This weekend’s guest on Moyers & Company is Tim DeChristopher, an environmental activist who, in 2008, went to an auction during which drilling rights for the natural gas and oil beneath stretches of pristine Utah wilderness were being sold off. DeChristopher decided he couldn’t stand by and watch the process, so he signed on as a bidder. He purchased plot after plot, knowing he had no way of paying for them, in order to keep the land out of the hands of the oil and gas companies. His act of protest landed him in jail.
A documentary film chronicling his lengthy legal battle, imprisonment and his personal development as an activist, called Bidder 70, opened May 17 in New York. The film, The New York Times says, “nails the way that a spontaneous act of courage can focus the mind and clarify an ideology.” Reviewer Jeannette Catsoulis writes “Observing [DeChristopher] as he ponders nonviolent protest, quotes Edward Abby and visits mountaintop-removal coal mines in West Virginia, where he was born, we hear not the legal machinery humming inexorably in the background but the mental gears of an activist clicking into place.”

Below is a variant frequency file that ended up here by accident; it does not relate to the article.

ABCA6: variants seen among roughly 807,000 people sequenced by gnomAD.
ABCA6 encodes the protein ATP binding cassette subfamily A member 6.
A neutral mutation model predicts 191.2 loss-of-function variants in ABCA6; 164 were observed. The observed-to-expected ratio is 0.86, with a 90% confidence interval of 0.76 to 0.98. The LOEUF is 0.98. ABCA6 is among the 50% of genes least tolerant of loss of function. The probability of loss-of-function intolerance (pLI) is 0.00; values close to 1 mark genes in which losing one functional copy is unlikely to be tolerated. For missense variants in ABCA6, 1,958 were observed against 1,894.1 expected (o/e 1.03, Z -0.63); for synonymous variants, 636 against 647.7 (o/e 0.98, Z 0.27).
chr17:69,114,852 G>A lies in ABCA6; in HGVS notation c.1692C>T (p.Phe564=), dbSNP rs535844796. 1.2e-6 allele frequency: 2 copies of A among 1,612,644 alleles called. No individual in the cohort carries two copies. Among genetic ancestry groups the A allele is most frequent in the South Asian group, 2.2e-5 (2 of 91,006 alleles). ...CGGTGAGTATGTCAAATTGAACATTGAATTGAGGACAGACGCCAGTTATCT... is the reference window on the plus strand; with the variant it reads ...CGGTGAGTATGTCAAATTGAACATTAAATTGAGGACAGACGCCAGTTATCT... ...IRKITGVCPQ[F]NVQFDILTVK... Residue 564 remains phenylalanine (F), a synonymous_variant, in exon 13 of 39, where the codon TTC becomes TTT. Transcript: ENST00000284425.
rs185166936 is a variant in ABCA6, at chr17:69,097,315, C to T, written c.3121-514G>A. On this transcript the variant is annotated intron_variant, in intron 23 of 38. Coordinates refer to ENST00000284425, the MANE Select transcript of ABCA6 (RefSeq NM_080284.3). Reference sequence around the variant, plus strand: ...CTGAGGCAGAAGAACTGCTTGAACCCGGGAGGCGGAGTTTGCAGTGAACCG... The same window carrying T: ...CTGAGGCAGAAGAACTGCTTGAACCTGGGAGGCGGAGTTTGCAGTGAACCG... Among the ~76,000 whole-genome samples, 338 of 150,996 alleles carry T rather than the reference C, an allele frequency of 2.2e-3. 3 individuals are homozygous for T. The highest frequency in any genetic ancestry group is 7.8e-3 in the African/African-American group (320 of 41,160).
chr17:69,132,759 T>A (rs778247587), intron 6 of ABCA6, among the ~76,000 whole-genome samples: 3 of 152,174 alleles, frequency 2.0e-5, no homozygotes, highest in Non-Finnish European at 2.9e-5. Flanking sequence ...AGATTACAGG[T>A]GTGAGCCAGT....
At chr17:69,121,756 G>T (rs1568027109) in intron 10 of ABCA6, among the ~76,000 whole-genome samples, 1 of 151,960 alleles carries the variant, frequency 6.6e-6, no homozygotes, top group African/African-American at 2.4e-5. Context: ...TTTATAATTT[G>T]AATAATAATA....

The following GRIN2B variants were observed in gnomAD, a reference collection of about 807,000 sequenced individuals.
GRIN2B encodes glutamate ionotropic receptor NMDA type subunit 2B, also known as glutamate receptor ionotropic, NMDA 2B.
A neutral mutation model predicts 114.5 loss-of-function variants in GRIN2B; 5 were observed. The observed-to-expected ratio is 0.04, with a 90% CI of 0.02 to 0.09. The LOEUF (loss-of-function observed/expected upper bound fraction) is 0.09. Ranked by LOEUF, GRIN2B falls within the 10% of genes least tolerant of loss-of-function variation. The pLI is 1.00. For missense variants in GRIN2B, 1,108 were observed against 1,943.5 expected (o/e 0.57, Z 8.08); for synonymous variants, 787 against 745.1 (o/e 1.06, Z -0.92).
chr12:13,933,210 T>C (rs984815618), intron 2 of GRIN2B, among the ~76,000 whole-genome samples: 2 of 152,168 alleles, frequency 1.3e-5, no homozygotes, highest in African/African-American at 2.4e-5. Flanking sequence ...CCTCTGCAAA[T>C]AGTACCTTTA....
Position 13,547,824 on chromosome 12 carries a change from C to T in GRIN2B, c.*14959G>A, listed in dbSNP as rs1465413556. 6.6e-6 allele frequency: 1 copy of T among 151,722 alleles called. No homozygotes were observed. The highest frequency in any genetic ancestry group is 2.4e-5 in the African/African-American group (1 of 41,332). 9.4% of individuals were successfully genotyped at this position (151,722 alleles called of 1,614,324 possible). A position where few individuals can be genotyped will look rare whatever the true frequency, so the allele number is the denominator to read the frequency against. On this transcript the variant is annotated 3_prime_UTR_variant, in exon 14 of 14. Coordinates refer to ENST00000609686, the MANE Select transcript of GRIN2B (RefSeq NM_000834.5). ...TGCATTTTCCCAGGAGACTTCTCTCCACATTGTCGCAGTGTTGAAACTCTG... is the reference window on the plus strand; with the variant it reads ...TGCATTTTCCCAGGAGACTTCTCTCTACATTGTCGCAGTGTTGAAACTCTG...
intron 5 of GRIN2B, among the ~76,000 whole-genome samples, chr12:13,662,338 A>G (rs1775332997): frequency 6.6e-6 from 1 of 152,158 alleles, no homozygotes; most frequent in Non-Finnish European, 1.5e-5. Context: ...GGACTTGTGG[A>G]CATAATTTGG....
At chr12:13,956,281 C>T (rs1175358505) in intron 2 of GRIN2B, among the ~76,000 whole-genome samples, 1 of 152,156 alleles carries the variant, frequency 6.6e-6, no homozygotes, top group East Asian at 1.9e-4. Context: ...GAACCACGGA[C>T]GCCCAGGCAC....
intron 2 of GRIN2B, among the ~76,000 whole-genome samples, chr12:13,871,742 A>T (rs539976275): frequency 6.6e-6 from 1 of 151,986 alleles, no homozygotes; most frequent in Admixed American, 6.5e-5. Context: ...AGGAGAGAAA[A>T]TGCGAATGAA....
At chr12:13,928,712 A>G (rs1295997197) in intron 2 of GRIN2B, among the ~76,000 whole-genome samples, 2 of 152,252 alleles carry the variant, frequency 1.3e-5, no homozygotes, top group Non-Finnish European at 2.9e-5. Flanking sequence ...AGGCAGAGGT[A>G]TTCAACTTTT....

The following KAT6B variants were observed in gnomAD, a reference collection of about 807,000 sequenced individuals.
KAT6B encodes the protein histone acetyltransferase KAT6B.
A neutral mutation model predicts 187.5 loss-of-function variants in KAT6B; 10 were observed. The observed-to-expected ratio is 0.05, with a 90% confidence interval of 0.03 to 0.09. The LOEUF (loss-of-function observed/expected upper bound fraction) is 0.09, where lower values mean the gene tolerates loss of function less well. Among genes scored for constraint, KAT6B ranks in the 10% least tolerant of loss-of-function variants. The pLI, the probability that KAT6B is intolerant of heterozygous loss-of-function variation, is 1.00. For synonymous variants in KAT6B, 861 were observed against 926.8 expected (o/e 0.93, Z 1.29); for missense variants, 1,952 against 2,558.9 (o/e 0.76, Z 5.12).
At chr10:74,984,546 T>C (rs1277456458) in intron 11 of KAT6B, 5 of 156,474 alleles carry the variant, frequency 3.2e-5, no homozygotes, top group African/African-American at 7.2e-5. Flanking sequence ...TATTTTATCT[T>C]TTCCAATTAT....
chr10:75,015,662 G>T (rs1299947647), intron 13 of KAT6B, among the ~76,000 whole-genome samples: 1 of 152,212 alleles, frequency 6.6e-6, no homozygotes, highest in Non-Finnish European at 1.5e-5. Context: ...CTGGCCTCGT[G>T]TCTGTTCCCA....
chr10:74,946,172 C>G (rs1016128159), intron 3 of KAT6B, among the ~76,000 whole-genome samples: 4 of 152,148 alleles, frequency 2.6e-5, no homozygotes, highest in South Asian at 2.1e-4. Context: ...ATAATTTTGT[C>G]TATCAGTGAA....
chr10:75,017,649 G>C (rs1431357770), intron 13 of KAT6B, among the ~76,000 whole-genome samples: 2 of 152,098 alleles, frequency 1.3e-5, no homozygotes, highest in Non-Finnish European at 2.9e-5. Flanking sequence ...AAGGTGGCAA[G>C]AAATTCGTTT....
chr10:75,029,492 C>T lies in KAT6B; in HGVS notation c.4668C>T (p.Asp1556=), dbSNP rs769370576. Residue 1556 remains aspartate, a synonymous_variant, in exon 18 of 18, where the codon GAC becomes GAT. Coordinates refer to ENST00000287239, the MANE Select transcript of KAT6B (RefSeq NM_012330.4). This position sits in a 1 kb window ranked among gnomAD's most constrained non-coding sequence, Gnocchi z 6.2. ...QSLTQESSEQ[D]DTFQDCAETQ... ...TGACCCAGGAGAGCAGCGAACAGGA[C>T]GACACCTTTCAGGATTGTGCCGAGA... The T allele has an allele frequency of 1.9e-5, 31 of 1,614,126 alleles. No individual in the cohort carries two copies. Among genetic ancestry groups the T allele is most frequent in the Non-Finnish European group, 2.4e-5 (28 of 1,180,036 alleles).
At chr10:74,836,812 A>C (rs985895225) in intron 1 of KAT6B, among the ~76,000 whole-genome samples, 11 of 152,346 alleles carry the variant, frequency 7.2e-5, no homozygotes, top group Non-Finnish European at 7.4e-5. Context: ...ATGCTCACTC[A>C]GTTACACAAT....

In this clip from his interview with Bill, Tim DeChristopher explains why Americans concerned about the environment need to think beyond their role as consumers and consider themselves players in a democratic society.